Like any good meeting planner, Loretta Lowe, CMP, can juggle many tasks at one time. But try as she might, she can't be in more than one place at a time. So when the San Francisco — based independent meeting planner was called on to plan 45 pharmaceutical meetings throughout the United States, she needed to hire people to take over on site. Enter the travel director — a person hired specifically to oversee the on-site meeting logistics.
Alternately known as a travel director, trip director, TD, or on-site meeting manager, this pivotal position not only goes by various names but also can encompass various responsibilities. For a smaller program, such as a dinner meeting, just one travel director might be on site to serve as host. For a larger event, a range of travel directors — from the lead TD, with responsibility for the overall program, to specialists in various areas such as food and beverage, hospitality, or housing — might be there to run the show.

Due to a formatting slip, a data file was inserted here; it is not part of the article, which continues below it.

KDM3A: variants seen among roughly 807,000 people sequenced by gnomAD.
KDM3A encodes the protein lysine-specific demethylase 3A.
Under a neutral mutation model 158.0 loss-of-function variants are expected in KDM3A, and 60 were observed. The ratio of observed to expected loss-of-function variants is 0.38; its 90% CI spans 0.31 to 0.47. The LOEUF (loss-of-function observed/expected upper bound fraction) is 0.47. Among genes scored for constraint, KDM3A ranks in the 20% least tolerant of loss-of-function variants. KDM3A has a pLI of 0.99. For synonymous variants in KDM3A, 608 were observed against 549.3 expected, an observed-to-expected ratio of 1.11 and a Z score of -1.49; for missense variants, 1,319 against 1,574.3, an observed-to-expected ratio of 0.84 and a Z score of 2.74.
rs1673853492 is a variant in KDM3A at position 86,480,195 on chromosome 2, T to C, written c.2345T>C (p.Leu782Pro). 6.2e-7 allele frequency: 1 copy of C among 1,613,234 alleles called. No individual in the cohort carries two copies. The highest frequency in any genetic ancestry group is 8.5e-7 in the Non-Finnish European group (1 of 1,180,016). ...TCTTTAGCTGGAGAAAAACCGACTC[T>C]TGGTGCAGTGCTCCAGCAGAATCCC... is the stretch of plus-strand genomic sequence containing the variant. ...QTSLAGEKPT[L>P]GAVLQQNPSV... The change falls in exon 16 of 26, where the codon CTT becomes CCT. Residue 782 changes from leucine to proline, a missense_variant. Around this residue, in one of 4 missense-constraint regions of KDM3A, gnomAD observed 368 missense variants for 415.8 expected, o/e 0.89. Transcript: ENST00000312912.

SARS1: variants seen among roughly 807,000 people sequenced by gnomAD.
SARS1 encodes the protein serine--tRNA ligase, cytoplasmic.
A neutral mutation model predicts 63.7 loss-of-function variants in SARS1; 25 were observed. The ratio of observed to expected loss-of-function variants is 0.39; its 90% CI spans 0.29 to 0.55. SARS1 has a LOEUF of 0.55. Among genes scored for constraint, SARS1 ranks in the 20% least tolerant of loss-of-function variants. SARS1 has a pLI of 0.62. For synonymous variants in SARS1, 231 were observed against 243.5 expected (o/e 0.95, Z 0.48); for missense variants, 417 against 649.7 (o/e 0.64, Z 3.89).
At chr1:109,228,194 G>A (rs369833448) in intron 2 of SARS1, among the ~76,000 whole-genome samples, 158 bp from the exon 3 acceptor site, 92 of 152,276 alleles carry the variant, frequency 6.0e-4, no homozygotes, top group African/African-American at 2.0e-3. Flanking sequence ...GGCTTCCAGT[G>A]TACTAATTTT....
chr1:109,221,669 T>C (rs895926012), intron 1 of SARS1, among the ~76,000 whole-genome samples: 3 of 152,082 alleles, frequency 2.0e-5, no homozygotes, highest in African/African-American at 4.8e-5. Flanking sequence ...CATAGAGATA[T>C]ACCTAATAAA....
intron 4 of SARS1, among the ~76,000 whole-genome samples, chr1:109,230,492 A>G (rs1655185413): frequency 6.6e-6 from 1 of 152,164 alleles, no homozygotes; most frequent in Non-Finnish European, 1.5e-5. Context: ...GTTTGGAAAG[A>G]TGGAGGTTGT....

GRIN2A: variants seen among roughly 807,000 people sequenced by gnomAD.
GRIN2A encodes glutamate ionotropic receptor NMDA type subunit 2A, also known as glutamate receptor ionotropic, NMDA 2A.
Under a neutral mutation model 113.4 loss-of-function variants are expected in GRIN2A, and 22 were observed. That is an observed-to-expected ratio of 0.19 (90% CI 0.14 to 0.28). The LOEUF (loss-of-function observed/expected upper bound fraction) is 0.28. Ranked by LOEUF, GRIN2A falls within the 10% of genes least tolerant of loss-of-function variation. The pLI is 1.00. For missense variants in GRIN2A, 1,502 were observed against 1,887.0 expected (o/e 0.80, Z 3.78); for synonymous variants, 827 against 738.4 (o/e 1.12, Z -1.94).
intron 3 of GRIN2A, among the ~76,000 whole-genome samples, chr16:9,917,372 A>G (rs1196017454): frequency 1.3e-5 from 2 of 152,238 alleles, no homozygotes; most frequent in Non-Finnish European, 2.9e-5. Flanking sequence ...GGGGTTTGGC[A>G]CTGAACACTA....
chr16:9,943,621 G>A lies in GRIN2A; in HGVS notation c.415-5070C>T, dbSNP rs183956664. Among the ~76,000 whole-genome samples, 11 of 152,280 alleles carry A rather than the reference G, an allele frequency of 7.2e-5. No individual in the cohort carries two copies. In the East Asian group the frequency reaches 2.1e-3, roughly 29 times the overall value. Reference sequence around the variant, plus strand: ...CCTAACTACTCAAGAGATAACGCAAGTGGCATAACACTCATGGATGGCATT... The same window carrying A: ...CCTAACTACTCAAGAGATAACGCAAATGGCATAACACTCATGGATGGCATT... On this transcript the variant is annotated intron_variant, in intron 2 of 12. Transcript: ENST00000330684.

So what is the difference between a travel director and a meeting planner? At meeting, event, and travel management company Maritz Travel, there is a clear differentiation. “The meeting planner or project manager has responsibility for planning everything until the point of operation,” says Alicia Feito, vice president of operations, based in St. Louis. “The travel director comes in at the point of operation and is responsible for executing those plans.”
The Right Fit
Regardless of title, the most important factor when hiring a travel director is to ensure that the person doing the hiring and the person being hired have the same understanding of the scope of the assignment.